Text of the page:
SPIEGEL: Because of that kind of wording, your speeches are sometimes interpreted as hidden appeals to use violence. Do you preach violence?
DUTSCHKE: To call for violence, murder, and killing in the cities of highly developed industrial countries – I think that would be wrong and virtually counterrevolutionary. Because in the metropolises there is basically no one to hate. The government leaders at the top – a Kiesinger, Strauss, or whoever – are bureaucratic character masks. I reject them and fight against them, but I cannot hate them like a Ky in Vietnam or Duvalier in Haiti.
SPIEGEL: This distinction – violence there but not here – for you it comes from. . .
DUTSCHKE: . . . from the difference in principle in the state of the historical struggle. In the Third World: the people hate the form of direct oppression that is represented by puppets, so they fight against them. Here: assassinating members of our government would be absolute madness. Because who does not understand that here the people at the top are interchangeable? Terrorist violence against human beings is no longer necessary in advanced countries.
SPIEGEL: So you don’t condemn violence categorically, but only under the prevailing conditions?
DUTSCHKE: Certainly no one could claim that there will be absolutely no violence within the process of change. Violence is an element of rule and has therefore to be answered from our side with demonstrative and provocative counterviolence. The form of response is determined by the form the conflict assumes. In Berlin violence from the side of the senate executive has in fact been demonstrated by the shooting of Benno Ohnesorg. But within this confrontation we cannot say, let’s take up the machine guns and wage the final battle.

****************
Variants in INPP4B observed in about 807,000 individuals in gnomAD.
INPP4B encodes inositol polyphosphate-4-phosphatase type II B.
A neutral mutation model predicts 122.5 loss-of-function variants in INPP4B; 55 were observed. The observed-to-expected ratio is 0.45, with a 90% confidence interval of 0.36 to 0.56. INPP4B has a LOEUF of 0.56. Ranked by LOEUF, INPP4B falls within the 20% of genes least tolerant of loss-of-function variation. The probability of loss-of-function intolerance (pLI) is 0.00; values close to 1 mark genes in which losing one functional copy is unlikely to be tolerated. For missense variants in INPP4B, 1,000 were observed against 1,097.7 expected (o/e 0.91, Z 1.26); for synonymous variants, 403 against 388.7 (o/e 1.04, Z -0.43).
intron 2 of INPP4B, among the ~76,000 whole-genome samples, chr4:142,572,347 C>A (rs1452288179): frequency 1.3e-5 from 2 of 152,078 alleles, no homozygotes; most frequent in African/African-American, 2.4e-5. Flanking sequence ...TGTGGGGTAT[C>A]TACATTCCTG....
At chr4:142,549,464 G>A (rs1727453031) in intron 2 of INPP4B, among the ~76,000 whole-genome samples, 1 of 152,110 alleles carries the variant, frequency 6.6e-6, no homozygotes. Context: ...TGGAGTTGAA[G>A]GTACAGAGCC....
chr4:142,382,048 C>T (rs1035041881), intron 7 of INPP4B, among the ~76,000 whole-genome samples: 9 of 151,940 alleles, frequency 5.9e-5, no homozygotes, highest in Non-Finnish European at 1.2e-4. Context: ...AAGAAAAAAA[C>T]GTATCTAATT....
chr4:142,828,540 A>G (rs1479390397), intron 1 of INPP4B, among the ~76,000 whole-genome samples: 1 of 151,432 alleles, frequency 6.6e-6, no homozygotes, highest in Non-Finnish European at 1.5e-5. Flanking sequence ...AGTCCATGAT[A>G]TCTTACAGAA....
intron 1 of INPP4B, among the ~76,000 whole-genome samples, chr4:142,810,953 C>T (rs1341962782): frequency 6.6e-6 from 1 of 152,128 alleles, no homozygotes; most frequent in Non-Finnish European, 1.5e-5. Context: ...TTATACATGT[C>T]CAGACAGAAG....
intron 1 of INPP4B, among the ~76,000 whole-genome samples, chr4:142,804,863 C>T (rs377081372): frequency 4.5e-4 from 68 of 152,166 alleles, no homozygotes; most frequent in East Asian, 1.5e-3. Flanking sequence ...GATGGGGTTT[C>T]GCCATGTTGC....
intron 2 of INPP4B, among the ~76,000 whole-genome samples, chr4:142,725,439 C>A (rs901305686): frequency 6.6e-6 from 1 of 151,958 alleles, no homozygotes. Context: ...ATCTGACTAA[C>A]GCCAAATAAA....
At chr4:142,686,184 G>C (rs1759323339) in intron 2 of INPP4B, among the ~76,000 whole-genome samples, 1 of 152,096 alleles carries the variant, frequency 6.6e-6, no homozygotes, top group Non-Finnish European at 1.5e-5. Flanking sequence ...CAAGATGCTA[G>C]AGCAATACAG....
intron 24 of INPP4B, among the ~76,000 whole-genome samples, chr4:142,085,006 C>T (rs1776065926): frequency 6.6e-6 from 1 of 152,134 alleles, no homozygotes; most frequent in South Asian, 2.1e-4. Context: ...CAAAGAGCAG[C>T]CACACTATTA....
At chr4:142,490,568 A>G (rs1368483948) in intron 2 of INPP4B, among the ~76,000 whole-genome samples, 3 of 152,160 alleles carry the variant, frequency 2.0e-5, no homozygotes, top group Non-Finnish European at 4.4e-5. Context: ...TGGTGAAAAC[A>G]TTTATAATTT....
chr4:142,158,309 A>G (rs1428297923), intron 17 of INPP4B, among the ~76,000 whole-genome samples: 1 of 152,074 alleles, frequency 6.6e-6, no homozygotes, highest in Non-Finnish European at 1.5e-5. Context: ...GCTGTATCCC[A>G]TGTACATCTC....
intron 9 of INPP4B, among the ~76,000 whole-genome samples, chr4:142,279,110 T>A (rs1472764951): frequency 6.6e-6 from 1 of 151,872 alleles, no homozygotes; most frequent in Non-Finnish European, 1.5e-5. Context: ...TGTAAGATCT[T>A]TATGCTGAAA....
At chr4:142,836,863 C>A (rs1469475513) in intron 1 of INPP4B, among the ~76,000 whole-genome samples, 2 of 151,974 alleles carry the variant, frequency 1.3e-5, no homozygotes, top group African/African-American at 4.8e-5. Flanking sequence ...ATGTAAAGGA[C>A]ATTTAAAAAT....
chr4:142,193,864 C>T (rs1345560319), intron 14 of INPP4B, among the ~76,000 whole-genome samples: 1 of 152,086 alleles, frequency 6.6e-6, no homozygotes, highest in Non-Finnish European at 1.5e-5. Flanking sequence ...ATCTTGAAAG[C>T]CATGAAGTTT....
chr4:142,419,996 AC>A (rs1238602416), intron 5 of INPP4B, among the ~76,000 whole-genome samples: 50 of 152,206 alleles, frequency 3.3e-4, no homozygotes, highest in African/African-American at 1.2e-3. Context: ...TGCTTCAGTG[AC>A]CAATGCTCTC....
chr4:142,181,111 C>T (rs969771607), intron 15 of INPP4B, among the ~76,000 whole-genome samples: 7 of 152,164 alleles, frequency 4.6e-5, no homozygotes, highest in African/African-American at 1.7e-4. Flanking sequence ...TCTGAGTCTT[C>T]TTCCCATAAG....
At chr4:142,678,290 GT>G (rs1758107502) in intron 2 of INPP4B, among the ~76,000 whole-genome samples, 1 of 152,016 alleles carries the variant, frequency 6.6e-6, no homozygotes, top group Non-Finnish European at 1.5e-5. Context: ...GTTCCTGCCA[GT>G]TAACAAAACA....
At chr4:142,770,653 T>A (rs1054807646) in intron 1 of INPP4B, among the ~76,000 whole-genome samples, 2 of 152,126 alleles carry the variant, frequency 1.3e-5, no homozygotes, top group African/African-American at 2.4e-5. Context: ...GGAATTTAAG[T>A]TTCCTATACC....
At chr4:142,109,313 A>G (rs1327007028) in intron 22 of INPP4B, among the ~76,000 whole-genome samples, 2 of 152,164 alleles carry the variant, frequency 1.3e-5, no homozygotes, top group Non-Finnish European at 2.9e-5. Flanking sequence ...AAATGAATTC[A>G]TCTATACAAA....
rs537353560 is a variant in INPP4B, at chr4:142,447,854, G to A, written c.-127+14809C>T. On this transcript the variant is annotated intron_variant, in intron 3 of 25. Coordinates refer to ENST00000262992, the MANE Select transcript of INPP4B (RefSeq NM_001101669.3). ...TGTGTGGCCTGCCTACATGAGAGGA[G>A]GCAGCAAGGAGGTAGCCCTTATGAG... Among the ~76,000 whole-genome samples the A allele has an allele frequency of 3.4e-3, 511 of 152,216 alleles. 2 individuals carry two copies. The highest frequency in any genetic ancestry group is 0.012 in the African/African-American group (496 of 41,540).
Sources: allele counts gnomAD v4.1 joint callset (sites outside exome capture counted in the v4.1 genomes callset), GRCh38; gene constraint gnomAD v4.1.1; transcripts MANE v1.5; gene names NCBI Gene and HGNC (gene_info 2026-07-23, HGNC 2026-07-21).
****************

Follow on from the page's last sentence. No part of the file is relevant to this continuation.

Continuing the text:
SPIEGEL: So what can you do?
DUTSCHKE: We have to see very clearly that our chance to revolutionize the present order exists only in our consciousness-raising among ever-growing minorities. The antiauthoritarian camp is continuing to grow and is starting to organize itself and find its own forms of living together: a counter-university in Berlin, for instance, or communes or whatever. The existing order must be undermined and new forms need to be created at the same time.
Source: Rudi Dutschke, “Wir fordern die Enteignung Axel Springers” [“We Demand the Expropriation of Axel Springer”], Der Spiegel, July 10, 1967, pp. 30-33; reprinted in Wolfgang Kraushaar, ed., Frankfurter Schule und Studentenbewegung. Von der Flaschenpost zum Molotowcocktail 1946-1995 [The Frankfurt School and the Student Movement. From the Message in the Bottle to the Molotov Cocktail 1946-1995]. Hamburg, 1998, vol. 2, pp. 268-69.
Translation: Allison Brown